The molecular mechanisms responsible for the high immunosuppressive capacity of CD4+ Tregs in tumors are not well known. High-dimensional single-cell profiling of T cells from chemotherapy-naive individuals with non–small-cell lung cancer identified the transcription factor IRF4 as specifically expressed by a subset of intratumoral CD4+ effector Tregs with superior suppressive activity. In contrast to the IRF4– counterparts, IRF4+ Tregs expressed a vast array of suppressive molecules, and their presence correlated with multiple exhausted subpopulations of T cells. Integration of transcriptomic and epigenomic data revealed that IRF4, either alone or in combination with its partner BATF, directly controlled a molecular program responsible for immunosuppression in tumors. Accordingly, deletion of Irf4 exclusively in Tregs resulted in delayed tumor growth in mice while the abundance of IRF4+ Tregs correlated with poor prognosis in patients with multiple human cancers. Thus, a common mechanism underlies immunosuppression in the tumor microenvironment irrespective of the tumor type.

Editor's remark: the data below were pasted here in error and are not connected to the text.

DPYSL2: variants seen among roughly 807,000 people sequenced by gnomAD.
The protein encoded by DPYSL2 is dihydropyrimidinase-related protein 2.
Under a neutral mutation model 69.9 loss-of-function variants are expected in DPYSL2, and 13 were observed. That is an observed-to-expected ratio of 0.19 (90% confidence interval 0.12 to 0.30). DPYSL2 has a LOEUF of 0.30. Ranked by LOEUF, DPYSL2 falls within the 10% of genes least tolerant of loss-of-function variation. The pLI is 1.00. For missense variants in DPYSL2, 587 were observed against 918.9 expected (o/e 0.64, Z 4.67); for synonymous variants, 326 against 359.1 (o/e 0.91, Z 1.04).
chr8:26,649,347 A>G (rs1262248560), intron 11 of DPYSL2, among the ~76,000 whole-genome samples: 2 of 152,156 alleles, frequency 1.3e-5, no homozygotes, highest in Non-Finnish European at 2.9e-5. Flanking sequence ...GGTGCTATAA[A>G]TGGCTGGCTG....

Giorgia Alvisi, Jolanda Brummelman, Simone Puccio, Emilia M.C. Mazza, Elisa Paoluzzi Tomada, Agnese Losurdo, Veronica Zanon, Clelia Peano, Federico S. Colombo, Alice Scarpa, Marco Alloisio, Ajithkumar Vasanthakumar, Rahul Roychoudhuri, Marinos Kallikourdis, Massimiliano Pagani, Egesta Lopci, Pierluigi Novellis, Jonas Blume, Axel Kallies, Giulia Veronesi, Enrico Lugli